Golfer and artist, Emil is due to play in the Watches Unlimited South African Disabled Golf Association (SADGA) Golf Day in August. Lee Currie visited this remarkable young man to find out how he came to be an ambassador of SADGA
Emil Maehler is physically disabled, however, this hasn’t stopped him from playing golf at 25 golf courses around the country, and participating in national tournaments. He is also a talented artist with a portfolio of stunning paintings which he does when he’s not in his back garden practicing golf swings.
Thirty-two-year-old Emil was diagnosed with spastic cerebral palsy at birth, and due to the spasticity of his facial muscles, is unable to speak. While he is able to walk, it’s limited to the use of his right side. One can only imagine the perseverance and courage it must have taken to overcome such adversities.
Emil may not be able to speak, but his heart-warming smile and bright expressive eyes speak volumes. Using a form of sign language and a voice function on his iPad to communicate (and a little assistance from his mother Marsha), he begins his story. “I’ve always loved sport, and as a young boy I played cricket in the garden. I loved bowling too, but there was no opportunity to play the game at school. This led me to play golf at the mashie course at Windsor. Then one of my teachers at Browns School told me there was an association for disabled golfers.”
This was in 2005. Two years later – after inspiring many disabled golfers – Emil became ambassador for SADGA. Boasting a handicap of 29, he attributes much of his success to his coach Martin Smit. “I’ve been with him for the last three years and he has been a great influence on my game.” Emil is currently sponsored for complimentary golf by the Mount Edgecombe Driving Range, and Mount Edgecombe Country Club, where he is a resident, and says that of all the golf courses he has played at, his home turf is his favourite. He is also sponsored by Watches Unlimited and the Golf Union.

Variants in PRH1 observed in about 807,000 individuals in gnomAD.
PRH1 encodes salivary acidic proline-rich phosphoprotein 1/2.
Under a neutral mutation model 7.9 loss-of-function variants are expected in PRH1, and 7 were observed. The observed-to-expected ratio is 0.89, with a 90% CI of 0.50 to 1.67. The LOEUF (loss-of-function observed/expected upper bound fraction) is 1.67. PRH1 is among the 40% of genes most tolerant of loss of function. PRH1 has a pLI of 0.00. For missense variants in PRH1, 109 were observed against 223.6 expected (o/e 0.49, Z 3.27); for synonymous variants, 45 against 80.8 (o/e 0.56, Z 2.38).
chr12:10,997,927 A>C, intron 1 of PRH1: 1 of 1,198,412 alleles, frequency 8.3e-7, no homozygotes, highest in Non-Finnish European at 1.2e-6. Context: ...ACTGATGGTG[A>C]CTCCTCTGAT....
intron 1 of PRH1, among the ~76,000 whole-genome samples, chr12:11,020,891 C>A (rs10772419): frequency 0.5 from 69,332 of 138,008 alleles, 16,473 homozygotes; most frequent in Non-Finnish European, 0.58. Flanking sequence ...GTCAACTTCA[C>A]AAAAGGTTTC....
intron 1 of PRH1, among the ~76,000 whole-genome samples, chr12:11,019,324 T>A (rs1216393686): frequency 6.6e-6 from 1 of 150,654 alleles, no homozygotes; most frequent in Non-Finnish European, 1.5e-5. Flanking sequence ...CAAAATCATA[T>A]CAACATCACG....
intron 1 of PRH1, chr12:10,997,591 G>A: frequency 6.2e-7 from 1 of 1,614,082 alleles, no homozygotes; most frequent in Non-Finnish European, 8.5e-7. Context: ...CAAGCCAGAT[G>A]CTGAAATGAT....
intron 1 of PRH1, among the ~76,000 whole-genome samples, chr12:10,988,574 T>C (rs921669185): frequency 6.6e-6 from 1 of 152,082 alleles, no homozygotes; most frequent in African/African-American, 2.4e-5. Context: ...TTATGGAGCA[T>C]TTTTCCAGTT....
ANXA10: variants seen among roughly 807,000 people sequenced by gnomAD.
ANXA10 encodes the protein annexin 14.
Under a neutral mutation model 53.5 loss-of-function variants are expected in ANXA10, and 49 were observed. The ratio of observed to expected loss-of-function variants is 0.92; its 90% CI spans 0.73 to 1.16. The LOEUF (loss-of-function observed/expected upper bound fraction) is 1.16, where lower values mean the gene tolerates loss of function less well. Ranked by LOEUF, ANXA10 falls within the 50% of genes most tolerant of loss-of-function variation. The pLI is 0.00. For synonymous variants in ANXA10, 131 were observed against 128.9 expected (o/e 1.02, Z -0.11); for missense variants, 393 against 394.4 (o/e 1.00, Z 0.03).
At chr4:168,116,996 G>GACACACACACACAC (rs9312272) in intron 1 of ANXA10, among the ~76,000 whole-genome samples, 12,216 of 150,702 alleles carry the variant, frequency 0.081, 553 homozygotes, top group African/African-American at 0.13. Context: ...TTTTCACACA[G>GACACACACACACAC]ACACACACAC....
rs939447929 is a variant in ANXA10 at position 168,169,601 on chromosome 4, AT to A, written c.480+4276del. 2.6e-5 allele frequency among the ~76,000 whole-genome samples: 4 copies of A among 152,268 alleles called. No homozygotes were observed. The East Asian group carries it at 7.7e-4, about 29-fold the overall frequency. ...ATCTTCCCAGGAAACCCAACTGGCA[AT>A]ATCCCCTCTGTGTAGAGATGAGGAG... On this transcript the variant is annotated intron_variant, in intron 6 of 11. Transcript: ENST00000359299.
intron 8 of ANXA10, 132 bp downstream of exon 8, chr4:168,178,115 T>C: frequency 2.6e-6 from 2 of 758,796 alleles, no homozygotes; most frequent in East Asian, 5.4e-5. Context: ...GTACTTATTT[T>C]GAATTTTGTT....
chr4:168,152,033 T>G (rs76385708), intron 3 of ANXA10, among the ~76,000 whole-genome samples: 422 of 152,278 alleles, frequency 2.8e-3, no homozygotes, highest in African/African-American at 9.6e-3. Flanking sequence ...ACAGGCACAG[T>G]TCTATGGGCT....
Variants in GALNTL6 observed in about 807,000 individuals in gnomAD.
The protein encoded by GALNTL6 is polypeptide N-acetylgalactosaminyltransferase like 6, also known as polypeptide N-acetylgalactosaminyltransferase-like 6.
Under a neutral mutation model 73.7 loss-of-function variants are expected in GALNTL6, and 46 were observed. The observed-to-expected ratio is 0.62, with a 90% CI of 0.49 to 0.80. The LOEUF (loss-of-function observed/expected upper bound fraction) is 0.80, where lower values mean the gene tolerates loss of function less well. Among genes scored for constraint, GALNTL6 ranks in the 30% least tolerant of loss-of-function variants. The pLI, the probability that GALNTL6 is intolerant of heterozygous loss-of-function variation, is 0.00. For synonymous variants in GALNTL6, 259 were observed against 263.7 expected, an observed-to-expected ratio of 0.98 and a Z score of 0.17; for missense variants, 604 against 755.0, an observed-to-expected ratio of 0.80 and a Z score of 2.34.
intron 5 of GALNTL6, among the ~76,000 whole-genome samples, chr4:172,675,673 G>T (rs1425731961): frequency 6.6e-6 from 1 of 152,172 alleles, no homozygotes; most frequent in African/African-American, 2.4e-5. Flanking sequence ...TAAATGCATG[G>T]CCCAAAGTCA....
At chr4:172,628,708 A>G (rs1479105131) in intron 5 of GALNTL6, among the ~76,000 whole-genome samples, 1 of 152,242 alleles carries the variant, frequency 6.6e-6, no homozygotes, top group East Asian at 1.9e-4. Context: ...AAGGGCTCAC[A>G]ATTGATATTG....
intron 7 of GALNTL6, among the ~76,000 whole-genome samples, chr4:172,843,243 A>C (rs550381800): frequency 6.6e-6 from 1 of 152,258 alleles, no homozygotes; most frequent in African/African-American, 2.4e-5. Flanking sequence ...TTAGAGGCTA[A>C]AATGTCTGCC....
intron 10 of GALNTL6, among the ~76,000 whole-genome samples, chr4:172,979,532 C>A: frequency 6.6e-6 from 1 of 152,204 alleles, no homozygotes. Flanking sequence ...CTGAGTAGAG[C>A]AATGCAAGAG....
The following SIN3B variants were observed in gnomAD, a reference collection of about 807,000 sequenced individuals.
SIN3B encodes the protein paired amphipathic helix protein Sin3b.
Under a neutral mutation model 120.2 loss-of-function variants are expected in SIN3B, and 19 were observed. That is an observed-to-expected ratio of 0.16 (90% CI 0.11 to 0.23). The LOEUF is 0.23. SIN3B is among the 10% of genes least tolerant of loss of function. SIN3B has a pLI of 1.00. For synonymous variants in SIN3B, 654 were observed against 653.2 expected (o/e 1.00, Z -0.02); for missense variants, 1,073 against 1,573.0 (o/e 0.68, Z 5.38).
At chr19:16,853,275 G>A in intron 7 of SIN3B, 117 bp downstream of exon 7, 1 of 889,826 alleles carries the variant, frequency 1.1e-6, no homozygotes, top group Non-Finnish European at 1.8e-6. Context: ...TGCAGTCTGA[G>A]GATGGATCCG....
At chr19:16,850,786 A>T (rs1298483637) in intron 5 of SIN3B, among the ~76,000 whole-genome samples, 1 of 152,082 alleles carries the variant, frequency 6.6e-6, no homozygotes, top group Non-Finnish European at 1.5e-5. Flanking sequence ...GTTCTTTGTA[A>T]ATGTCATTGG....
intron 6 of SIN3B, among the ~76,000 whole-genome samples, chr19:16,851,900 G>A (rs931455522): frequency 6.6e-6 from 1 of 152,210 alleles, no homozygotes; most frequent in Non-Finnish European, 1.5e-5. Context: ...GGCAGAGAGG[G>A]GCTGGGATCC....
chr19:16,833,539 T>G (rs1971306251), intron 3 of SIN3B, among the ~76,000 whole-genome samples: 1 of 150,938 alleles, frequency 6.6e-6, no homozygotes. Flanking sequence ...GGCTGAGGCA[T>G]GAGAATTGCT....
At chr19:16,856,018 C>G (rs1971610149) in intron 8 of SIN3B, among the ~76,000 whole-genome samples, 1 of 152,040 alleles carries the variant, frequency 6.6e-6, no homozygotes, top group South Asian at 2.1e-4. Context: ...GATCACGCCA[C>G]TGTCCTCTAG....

And then there’s his other passion – painting. He works in watercolours, painting lovely country scenes and beautifully detailed paintings of trees. His works have been exhibited and successfully auctioned at a SADGA fundraising event in London.
Ask him what his message for people with disabilities is and he taps his answer with one word: “Perseverance.” Ask him what he finds most difficult when on the golf course – “Just playing.” *
SADGA was formed in 2004 in order to help physically and sensory disabled young people to play golf. The programmes are designed to foster courage and the ability to handle adversity and face challenges. “It’s also about bringing together able and disabled golfers to share their love for the game in the spirit of friendship and competition,” says Lily Reich, SADGA’s tournament director.
SADGA’S First Swing Programme
Lauded as one of SADGA’s biggest successes, this programme is designed to introduce disabled children and youth to golf. It’s promoted in a series of clinics at participating schools throughout South Africa, focusing not only on golf, but on rehabilitation through golf. A modified golf environment is created at the schools using bright durable equipment where even severely disabled children get a chance to participate.
“We’re particularly proud of this programme,” says Lily. “Not only does this teach them the basics of golf and give them the opportunity to enjoy an outdoor sport activity, it’s also designed to encourage vital life skills and expose learners to golf related industries with their future in mind.” Career options include hospitality, golf course management and public relations.
There are five different levels based on the children’s disabilities incorporating both sensory (blind and deaf) and physically disabled. Levels 1 to 3 cover therapeutic modified golf for the disabled, while levels 4 and 5 are for more advanced golfers –those who have managed to get a SAGA (South African Golf Association) handicap to those who will compete nationally and internationally and hopefully play in the Paralympics.